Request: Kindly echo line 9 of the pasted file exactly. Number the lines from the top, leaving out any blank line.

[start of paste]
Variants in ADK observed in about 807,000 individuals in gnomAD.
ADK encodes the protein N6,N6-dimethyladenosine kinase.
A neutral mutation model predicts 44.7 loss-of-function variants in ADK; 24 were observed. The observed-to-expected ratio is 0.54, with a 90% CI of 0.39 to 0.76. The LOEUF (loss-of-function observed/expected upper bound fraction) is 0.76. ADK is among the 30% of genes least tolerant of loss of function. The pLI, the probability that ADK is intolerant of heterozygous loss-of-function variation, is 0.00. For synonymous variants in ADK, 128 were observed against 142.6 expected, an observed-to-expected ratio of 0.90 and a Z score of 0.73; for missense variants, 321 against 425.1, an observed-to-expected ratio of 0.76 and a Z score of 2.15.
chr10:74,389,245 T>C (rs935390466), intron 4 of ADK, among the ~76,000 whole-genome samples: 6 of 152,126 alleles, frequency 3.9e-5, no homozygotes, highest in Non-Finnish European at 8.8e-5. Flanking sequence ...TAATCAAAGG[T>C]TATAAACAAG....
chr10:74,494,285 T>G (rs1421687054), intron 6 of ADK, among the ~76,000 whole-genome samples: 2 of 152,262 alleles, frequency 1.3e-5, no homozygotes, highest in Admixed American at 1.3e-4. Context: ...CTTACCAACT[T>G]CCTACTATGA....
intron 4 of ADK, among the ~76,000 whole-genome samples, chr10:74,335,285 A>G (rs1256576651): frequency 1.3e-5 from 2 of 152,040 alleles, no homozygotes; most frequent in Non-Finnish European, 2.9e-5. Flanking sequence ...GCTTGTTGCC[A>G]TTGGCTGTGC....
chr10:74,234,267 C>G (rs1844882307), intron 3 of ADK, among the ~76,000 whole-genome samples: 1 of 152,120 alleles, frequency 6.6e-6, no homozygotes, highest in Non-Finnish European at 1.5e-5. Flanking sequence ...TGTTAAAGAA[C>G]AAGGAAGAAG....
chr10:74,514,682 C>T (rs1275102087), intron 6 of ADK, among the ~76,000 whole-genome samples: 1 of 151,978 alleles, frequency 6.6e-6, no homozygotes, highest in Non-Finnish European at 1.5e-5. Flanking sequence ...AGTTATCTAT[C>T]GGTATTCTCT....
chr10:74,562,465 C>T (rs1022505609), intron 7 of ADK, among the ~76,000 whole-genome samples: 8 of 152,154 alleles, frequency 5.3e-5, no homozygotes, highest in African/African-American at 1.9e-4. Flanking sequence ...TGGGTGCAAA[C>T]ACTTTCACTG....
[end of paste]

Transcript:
chr10:74,562,465 C>T (rs1022505609), intron 7 of ADK, among the ~76,000 whole-genome samples: 8 of 152,154 alleles, frequency 5.3e-5, no homozygotes, highest in African/African-American at 1.9e-4. Flanking sequence ...TGGGTGCAAA[C>T]ACTTTCACTG....